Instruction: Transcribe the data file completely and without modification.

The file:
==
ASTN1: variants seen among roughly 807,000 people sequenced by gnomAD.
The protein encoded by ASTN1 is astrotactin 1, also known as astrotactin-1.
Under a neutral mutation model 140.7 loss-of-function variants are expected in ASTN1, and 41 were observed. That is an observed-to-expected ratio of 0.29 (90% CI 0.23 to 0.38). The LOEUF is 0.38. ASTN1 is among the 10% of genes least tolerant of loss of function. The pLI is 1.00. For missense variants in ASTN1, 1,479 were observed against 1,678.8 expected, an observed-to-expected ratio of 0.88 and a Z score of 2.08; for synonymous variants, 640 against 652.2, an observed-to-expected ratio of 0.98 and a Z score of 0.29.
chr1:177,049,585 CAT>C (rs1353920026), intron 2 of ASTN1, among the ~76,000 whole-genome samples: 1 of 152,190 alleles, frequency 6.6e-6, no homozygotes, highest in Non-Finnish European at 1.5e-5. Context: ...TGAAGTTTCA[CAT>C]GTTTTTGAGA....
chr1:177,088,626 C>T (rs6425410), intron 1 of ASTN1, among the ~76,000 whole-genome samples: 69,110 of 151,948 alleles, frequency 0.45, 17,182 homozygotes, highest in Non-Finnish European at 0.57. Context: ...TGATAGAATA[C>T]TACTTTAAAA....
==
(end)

ASTN1: variants seen among roughly 807,000 people sequenced by gnomAD.
The protein encoded by ASTN1 is astrotactin 1, also known as astrotactin-1.
Under a neutral mutation model 140.7 loss-of-function variants are expected in ASTN1, and 41 were observed. That is an observed-to-expected ratio of 0.29 (90% CI 0.23 to 0.38). The LOEUF is 0.38. ASTN1 is among the 10% of genes least tolerant of loss of function. The pLI is 1.00. For missense variants in ASTN1, 1,479 were observed against 1,678.8 expected, an observed-to-expected ratio of 0.88 and a Z score of 2.08; for synonymous variants, 640 against 652.2, an observed-to-expected ratio of 0.98 and a Z score of 0.29.
chr1:177,049,585 CAT>C (rs1353920026), intron 2 of ASTN1, among the ~76,000 whole-genome samples: 1 of 152,190 alleles, frequency 6.6e-6, no homozygotes, highest in Non-Finnish European at 1.5e-5. Context: ...TGAAGTTTCA[CAT>C]GTTTTTGAGA....
chr1:177,088,626 C>T (rs6425410), intron 1 of ASTN1, among the ~76,000 whole-genome samples: 69,110 of 151,948 alleles, frequency 0.45, 17,182 homozygotes, highest in Non-Finnish European at 0.57. Context: ...TGATAGAATA[C>T]TACTTTAAAA....